As part of the parking lot project, the building that houses Lickety Split ice cream is going away, but signage on the nearby Danforth Building announces that the ice cream parlor will reopen there in the spring.
WILLIAMSTOWN, Mass. — The "Little Dig" is under way.
Williams College on Tuesday began the long process of replacing the culvert that carries Christmas Brook under downtown and into the Green River.
The project, part of a larger stormwater management plan that includes new underground detention tanks beneath the Spring Street municipal parking lot, is scheduled to run through May 2019 and, when it is over, greatly reduce the flooding problem that has plagued residents in that part of town.
On Monday, college representatives were before the Board of Selectmen to update the town on the project and seek approval of a town-gown agreement on ownership of the new culvert.
Like its "big" cousin to the east, the Little Dig will inconvenience motorists — though perhaps not nearly as much.
Unlike Boston's "Big Dig," the Williamstown project will not generate scandalous stories about the misuse of public funds. The Little Dig is being paid for by the college.
"The town should note that this is a project that benefits the entire watershed area while being done by a private entity," Chairman Hugh Daley said. "The cost is north of $20 million. This is a project the town of Williamstown could not afford on its own. To put it in perspective, that's a little less than our ultimate contribution to the Mount Greylock high school [addition/renovation] project.
"So when you're stuck in that one lane of traffic for 10 minutes, think how happy you are there's not another couple of dollars on your tax rate to deal with it."
Williams Project Manager Jason Moran and Director of Real Estate and Legal Affairs Jamie Art told the board that the construction plan does not anticipate any road closures during the project, which will tear up parts of Latham Street, Meacham Street, Heating Plant Drive and the old Town Garage site at 59 Water St.
Morgan explained that there will be times when Latham or Meacham streets are down to one lane of traffic, but they will not be closed to allow installation of 8-foot lengths of culvert measuring up to 6 feet by 12 feet.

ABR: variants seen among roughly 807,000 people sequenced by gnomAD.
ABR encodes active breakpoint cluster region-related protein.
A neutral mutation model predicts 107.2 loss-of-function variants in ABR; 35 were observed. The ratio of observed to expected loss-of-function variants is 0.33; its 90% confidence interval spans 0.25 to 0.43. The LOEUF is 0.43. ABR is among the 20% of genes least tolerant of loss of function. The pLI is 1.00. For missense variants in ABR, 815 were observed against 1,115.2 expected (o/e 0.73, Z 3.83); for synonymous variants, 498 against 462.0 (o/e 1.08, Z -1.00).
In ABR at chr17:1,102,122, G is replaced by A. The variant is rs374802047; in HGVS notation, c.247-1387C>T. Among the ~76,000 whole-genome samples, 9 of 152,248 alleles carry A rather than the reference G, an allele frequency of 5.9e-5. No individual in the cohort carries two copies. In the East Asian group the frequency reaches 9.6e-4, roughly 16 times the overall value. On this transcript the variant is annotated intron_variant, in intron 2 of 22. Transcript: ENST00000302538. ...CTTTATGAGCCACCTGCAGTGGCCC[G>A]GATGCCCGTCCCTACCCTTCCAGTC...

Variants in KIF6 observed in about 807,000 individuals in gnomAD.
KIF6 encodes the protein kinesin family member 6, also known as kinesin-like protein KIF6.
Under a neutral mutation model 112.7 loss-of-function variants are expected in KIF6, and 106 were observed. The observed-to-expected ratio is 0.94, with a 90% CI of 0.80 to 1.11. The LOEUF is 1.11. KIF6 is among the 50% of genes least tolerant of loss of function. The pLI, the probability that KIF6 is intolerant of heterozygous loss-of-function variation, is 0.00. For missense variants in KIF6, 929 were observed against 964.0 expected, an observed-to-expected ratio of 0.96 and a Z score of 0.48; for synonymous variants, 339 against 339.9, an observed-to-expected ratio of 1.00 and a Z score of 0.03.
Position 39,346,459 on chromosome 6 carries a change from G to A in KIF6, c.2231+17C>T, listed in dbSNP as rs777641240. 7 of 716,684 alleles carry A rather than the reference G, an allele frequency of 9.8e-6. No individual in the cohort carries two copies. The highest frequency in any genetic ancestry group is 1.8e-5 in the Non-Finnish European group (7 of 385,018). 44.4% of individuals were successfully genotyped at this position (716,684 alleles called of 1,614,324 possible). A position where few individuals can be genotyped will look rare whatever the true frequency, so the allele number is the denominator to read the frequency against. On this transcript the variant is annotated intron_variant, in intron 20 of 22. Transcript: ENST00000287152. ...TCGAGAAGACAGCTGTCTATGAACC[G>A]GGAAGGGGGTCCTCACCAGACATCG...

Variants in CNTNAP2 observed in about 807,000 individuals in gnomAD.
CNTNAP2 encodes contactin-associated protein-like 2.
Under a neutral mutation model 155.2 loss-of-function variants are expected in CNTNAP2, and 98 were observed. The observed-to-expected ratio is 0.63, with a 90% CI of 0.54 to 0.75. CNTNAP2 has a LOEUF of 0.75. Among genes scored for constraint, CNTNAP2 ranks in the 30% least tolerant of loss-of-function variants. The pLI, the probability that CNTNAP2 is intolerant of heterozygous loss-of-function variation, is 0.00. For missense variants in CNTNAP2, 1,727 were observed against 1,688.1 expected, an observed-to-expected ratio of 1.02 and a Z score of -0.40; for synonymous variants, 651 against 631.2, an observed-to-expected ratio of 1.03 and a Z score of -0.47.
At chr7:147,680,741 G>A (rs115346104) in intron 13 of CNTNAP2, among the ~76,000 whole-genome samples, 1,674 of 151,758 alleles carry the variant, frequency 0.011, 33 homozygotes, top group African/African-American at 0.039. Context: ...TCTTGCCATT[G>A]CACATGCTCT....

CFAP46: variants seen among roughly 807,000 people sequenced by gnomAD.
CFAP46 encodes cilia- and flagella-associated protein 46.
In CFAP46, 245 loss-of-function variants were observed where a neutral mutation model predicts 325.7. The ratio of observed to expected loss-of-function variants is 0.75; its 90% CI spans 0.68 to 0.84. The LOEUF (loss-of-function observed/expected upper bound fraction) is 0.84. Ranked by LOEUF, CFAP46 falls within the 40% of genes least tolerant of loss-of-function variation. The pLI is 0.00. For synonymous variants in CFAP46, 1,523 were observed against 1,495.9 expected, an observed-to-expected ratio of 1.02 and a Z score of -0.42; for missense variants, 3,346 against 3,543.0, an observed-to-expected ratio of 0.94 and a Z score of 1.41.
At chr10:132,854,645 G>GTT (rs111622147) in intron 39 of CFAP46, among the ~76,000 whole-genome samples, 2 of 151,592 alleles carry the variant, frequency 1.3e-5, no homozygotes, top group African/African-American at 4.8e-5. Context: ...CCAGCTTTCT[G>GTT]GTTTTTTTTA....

"We're never going to have 400 to 500 linear feet open at once," Morgan said. "We might have 100 feet open."
The culvert project and parking lot project are separate but related in that they both will deal with water from the approximately 780-acre watershed that feeds into Christmas Brook.
"Any drop of water that falls there, if it runs off, eventually ends up draining through Christmas Brook and the undersized culvert under Latham Street and, eventually, the Green River," Art said. "[The parking lot] is where the college investigated ways to capture and retain and slow down stormwater.
"This project comes after a long watershed analysis looking at what are the ways the college can try to improve stormwater management in a part of town seeing increased flooding and that is forecast for wetter summers and ‘flashier' storms that are shorter in duration but more intense, leading to more flooding."
About 40 percent of the land in the watershed and many of the residences that experience flooding when the current culvert is overwhelmed are owned by the college.
"We're not exactly sure when [the culvert was installed, but it was at least 50 years ago when stormwater modeling was not as sophisticated as it is now," Art said. "The new pipe will be much larger instead of being 4 feet [in diameter] at its narrowest point as it is now."
The culvert project got under way in earnest on Tuesday morning with the removal of trees where water enters the current culvert, making room for a larger inlet at the site, near the entrance to Weston Field on Latham Street.
The parking lot work also began this spring and will be more noticeable as the months progress and portions of the existing college-owned, town-operated lot are turned over to the contractor. Moran and Art on Monday reiterated the college's intention to maximize the number of spaces available to the public during construction.
"We're always trying to provide a minimum of 90 [spaces] the whole time," Moran said. "If we can give you 103, we'll give you 103. If we can find a way to get six or seven more spaces above 90, we'll find a way to do it, knowing it's critical."
One recent change to the phasing of the parking lot project was made in response to the reaction of Spring Street merchants, who were concerned that starting work in the area closest to the commercial street during the holiday season would impact their customers. Instead, the college plans to keep the spaces closest to the street open and begin work on the west end of the parking lot first before flipping things.
"We would like to have the construction component of the underground detention completed by the end of May, the beginning of June," Moran said. "If it's a bad winter, we can't control it. But the idea is sometime in the summer, we'll be putting the surface back together and getting Phase 4 [the expanded municipal lot] as quickly to the town as possible. Could that reach into August? Sure. But the idea is to get 137 parking spaces back to the town as quickly as possible."
In addition to Monday's discussion of the project's logistics, the Board of Selectmen voted 5-0 to approve an agreement between the town and college that specifies the town will own the segments of the culvert that run under public property but that the college will be responsible for maintenance of the entire culvert.
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